Cancer Causes & Control

, Volume 21, Issue 12, pp 2137–2147 | Cite as

MC1R genotype may modify the effect of sun exposure on melanoma risk in the GEM study

  • Anne Kricker
  • Bruce K. Armstrong
  • Chris Goumas
  • Peter Kanetsky
  • Richard P. Gallagher
  • Colin B. Begg
  • Robert C. Millikan
  • Terence Dwyer
  • Stefano Rosso
  • Loraine D. Marrett
  • Nancy E. Thomas
  • Marianne Berwick
  • GEM Study Group
Original paper


We investigated whether MC1R genotype modifies the effect of sun exposure on melanoma risk in 1,018 cases with multiple melanomas (MPM) and 1,875 controls with one melanoma (SPM). There was some suggestion that MC1R genotype modified the effect of beach and water activities on MPM risk: ORs were 1.94 (95% CI 1.40–2.70) for any activities for no R variants and 1.39 (95% CI 1.05–1.84) with R variants (R151C, R160W, D294H, and D84E) (p for interaction 0.08). MC1R modification of sun exposure effects appeared most evident for MPM of the head and neck: for early life ambient UV, the OR was 4.23 (95% CI 1.76–10.20) with no R and 1.04 (95% CI 0.40–2.68) with R (p for interaction = 0.01; p for three-way interaction = 0.01). Phenotype modified the effect of sun exposure and MPM in a similar manner. We conclude that MC1R and pigmentary phenotype may modify the effects of sun exposure on melanoma risk on more continuously sun-exposed skin. Possible explanations include that risk may saturate with higher sun sensitivity for melanomas on continuously sun-exposed sites but continue to increase as sun exposure increases with lower sun sensitivity, or that sun-sensitive people adapt their behavior by increasing sun protection when exposed.


Melanoma MC1R polymorphism Sun exposure Pigmentary phenotype 



The study was conducted by the GEM Study Group: Marianne Berwick (PI University of New Mexico), Memorial Sloan-Kettering Cancer Center: Colin B Begg (Co-PI), Irene Orlow (Co-Investigator), Klaus Busam (Dermatopathologist). Study centers included the following: The University of Sydney and Cancer Council New South Wales, Sydney, Australia: Bruce K Armstrong (PI), Anne Kricker (Co-PI); Menzies Centre for Population Health Research, University of Tasmania, Hobart, Australia: Terence Dwyer (PI, currently at the Murdoch Childrens Research Institute, Melbourne, Victoria), Paul Tucker (Dermatopathologist), Alison Venn (PI); British Columbia Cancer Agency, Vancouver, Canada: Richard P. Gallagher (PI); Cancer Care Ontario, Toronto, Canada: Loraine D. Marrett (PI), Elizabeth Theis (Co-Investigator), Lynn From (Dermatopathologist); Centro per la Prevenzione Oncologia Torino, Piemonte, Italy: Stefano Rosso (PI); Roberto Zanetti (Co-PI); University of California, Irvine: Hoda Anton-Culver (PI); University of Michigan, Ann Arbor: Stephen B. Gruber (PI); University of North Carolina, Chapel Hill: Robert C. Millikan (PI), Nancy Thomas (Co-Investigator); University of Pennsylvania: Timothy R. Rebbeck (PI), Peter Kanetsky (Co- Investigator). UV data consultants: Dr Julia Lee Taylor and Dr Sasha Madronich, National Center for Atmospheric Research, Boulder, Colorado.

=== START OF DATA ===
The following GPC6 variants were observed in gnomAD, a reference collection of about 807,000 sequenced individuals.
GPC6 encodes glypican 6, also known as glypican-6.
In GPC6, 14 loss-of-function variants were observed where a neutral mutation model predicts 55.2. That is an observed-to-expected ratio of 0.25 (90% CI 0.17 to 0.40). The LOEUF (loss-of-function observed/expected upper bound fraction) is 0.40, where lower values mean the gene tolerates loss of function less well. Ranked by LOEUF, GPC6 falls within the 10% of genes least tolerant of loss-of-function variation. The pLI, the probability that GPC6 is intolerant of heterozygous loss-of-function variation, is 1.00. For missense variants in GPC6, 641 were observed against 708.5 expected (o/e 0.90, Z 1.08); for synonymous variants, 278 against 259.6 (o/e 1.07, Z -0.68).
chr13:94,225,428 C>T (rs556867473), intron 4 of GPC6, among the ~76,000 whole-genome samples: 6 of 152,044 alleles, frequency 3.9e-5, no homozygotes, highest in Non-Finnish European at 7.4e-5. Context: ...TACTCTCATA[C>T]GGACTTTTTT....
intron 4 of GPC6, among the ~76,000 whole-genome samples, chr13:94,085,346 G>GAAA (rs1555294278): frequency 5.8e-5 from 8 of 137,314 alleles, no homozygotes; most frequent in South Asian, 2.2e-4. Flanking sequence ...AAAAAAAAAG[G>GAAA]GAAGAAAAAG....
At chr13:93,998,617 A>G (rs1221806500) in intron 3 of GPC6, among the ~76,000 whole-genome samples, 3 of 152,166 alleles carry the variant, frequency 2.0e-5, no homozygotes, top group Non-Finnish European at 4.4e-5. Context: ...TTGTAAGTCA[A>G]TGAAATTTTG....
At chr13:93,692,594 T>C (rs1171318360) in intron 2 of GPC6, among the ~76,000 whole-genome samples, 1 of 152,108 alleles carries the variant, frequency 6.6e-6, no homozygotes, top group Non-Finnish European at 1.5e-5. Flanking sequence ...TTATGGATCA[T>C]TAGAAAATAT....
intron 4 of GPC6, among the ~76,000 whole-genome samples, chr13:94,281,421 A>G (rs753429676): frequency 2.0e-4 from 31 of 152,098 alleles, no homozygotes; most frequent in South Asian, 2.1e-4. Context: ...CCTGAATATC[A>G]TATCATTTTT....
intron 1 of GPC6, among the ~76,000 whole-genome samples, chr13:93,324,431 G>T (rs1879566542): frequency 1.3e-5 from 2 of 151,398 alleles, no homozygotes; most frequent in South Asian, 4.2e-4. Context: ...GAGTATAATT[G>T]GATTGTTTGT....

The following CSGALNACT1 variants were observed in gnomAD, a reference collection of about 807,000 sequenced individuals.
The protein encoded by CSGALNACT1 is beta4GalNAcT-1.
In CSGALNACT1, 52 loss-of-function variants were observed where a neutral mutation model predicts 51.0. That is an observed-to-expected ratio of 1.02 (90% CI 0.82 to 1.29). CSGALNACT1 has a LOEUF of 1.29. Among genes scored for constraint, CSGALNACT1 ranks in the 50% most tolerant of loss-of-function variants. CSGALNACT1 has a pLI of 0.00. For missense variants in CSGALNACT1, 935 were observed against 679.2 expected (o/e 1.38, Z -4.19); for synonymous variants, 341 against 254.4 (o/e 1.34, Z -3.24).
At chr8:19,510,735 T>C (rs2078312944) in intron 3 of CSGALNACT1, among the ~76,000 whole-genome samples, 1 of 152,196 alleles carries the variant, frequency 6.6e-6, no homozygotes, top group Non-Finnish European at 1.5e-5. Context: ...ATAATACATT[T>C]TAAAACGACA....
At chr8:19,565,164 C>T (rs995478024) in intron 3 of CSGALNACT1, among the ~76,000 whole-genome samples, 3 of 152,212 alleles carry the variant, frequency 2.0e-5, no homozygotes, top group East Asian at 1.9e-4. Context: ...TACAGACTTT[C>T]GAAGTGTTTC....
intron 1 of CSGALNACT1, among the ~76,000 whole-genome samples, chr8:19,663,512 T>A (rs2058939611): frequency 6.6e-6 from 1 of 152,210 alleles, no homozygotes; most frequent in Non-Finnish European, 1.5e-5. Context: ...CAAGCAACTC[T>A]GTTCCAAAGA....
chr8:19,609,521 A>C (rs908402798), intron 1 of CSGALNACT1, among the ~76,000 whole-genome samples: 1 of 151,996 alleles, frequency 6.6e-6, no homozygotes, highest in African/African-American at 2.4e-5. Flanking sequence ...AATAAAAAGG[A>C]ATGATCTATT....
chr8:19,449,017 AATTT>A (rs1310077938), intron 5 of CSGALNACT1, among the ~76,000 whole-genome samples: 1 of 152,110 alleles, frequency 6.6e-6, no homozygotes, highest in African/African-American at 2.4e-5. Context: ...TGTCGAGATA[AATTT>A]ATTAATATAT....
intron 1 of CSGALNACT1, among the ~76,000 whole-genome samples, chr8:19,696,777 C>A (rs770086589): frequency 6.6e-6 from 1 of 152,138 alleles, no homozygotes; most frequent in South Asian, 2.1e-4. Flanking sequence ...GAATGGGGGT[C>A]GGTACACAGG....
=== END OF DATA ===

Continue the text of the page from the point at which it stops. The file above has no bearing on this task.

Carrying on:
Financial support

National Cancer Institute (NCI) grants U01 CA83180 and R01 112524; NCI Preventive Oncology Academic Award grant K07 CA80700 (Peter Kanetsky); University of Sydney Medical Foundation Program grant (Bruce Armstrong); NCI grant CA098438 (Colin. Begg); Michael Smith Foundation for Health Research Infrastructure Award (Richard Gallagher); Lineberger Comprehensive Cancer Center Core grant P30 CA16086 (Robert Millikan).


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Copyright information

© Springer Science+Business Media B.V. 2010

Authors and Affiliations

  • Anne Kricker
    • 1
  • Bruce K. Armstrong
    • 1
  • Chris Goumas
    • 1
  • Peter Kanetsky
    • 2
  • Richard P. Gallagher
    • 3
  • Colin B. Begg
    • 4
  • Robert C. Millikan
    • 5
  • Terence Dwyer
    • 6
  • Stefano Rosso
    • 7
  • Loraine D. Marrett
    • 8
  • Nancy E. Thomas
    • 9
  • Marianne Berwick
    • 10
  • GEM Study Group
  1. 1.Sydney School of Public HealthThe University of SydneySydneyAustralia
  2. 2.University of PennsylvaniaPhiladelphiaUSA
  3. 3.British Columbia Cancer AgencyVancouverCanada
  4. 4.Memorial Sloan-Kettering Cancer CenterNew YorkUSA
  5. 5.Department of Epidemiology, School of Public HealthUniversity of North CarolinaChapel HillUSA
  6. 6.Royal Children’s HospitalVictoriaAustralia
  7. 7.Piedmont Cancer RegistryCentre for Epidemiology and Prevention in Oncology in PiedmontTurinItaly
  8. 8.Cancercare OntarioTorontoCanada
  9. 9.Department of Dermatology, Lineberger Comprehensive Cancer CenterUniversity of North CarolinaChapel HillUSA
  10. 10.University of New MexicoAlbuquerqueUSA

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